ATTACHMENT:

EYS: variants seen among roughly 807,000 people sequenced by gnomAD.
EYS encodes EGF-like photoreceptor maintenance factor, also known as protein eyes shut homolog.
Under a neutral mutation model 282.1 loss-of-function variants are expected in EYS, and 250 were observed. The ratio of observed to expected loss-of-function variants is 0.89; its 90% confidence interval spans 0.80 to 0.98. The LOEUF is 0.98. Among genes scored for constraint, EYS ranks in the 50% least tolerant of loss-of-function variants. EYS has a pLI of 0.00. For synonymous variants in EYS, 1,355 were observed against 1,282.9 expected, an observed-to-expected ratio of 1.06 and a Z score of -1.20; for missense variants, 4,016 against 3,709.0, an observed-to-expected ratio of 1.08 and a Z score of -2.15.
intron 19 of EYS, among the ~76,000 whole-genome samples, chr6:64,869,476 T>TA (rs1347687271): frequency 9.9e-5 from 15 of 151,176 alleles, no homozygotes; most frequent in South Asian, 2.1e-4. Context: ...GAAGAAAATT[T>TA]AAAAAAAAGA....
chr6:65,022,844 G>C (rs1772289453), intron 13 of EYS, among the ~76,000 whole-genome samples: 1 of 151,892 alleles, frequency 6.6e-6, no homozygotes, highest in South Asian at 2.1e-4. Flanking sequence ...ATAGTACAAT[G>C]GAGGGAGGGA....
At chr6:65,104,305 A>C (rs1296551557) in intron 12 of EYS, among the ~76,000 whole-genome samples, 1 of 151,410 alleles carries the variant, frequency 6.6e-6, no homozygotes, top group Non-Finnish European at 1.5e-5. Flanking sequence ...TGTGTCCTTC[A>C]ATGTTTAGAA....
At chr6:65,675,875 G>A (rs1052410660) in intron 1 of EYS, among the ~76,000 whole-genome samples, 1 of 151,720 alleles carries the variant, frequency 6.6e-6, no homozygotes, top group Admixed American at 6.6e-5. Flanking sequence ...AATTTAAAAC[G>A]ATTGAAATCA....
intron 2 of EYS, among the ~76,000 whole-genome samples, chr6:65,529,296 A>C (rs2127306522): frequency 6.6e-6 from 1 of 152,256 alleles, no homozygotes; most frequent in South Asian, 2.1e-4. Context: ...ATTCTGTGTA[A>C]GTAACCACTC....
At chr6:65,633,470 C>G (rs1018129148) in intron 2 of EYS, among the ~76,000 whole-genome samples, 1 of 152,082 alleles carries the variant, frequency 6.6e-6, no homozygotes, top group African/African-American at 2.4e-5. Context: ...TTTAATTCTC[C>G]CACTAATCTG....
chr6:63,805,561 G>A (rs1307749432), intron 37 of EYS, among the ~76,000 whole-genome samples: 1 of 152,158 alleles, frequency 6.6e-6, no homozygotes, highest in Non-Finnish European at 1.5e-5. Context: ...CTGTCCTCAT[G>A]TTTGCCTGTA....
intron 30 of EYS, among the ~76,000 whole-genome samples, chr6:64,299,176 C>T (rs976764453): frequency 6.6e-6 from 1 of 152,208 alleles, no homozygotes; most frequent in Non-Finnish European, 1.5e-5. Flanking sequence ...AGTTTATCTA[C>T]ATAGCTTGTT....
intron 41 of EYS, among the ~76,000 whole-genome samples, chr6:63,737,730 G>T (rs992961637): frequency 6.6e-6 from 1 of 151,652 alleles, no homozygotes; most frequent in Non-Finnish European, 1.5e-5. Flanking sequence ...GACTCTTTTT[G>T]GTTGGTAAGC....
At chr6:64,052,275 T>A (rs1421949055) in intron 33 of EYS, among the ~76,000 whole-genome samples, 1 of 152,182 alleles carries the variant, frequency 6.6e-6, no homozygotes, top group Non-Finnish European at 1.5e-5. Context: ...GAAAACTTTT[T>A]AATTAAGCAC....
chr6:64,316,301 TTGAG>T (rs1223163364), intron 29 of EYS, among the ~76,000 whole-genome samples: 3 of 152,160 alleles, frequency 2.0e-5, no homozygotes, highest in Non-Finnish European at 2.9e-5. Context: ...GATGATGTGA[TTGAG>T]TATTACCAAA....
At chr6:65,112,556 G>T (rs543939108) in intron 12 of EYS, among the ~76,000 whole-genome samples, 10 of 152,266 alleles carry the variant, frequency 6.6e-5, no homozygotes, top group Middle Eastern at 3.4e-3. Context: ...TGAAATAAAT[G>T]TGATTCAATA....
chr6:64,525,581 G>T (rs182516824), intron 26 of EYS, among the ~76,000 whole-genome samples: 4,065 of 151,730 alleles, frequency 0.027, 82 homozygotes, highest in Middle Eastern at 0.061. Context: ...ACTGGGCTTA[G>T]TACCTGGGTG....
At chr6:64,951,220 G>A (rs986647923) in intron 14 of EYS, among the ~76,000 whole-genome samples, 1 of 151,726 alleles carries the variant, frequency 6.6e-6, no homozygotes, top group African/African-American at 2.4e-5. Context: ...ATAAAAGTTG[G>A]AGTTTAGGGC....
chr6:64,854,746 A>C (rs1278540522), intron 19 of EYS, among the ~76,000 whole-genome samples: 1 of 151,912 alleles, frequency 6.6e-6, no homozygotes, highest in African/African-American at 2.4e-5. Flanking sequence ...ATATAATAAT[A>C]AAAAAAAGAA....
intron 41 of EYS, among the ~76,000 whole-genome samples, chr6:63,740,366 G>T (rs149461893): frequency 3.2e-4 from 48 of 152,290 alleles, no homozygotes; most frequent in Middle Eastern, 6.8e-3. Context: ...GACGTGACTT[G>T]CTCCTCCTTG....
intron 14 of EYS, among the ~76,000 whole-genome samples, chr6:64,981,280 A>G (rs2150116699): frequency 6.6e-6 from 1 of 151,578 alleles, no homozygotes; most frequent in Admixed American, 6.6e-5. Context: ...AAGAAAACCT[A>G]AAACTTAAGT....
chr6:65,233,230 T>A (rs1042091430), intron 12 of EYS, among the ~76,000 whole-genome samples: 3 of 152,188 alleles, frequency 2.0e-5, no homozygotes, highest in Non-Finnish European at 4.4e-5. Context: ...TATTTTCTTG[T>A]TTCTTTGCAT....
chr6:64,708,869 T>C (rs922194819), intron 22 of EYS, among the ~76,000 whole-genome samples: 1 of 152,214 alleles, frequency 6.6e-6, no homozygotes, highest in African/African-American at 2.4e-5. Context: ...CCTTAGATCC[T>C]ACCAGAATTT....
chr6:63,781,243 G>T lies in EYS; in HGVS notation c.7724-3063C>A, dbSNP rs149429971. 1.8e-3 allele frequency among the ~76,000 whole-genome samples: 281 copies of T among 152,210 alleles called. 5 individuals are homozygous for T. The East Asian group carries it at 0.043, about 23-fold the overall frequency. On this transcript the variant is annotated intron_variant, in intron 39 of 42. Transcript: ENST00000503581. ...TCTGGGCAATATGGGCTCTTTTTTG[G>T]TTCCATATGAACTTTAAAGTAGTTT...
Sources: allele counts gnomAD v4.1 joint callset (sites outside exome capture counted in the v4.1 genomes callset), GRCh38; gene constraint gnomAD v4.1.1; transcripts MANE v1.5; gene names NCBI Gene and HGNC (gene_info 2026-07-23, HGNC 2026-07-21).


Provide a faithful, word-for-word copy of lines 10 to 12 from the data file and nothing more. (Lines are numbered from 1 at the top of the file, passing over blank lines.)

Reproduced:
chr6:63,805,561 G>A (rs1307749432), intron 37 of EYS, among the ~76,000 whole-genome samples: 1 of 152,158 alleles, frequency 6.6e-6, no homozygotes, highest in Non-Finnish European at 1.5e-5. Context: ...CTGTCCTCAT[G>A]TTTGCCTGTA....
intron 30 of EYS, among the ~76,000 whole-genome samples, chr6:64,299,176 C>T (rs976764453): frequency 6.6e-6 from 1 of 152,208 alleles, no homozygotes; most frequent in Non-Finnish European, 1.5e-5. Flanking sequence ...AGTTTATCTA[C>T]ATAGCTTGTT....
intron 41 of EYS, among the ~76,000 whole-genome samples, chr6:63,737,730 G>T (rs992961637): frequency 6.6e-6 from 1 of 151,652 alleles, no homozygotes; most frequent in Non-Finnish European, 1.5e-5. Flanking sequence ...GACTCTTTTT[G>T]GTTGGTAAGC....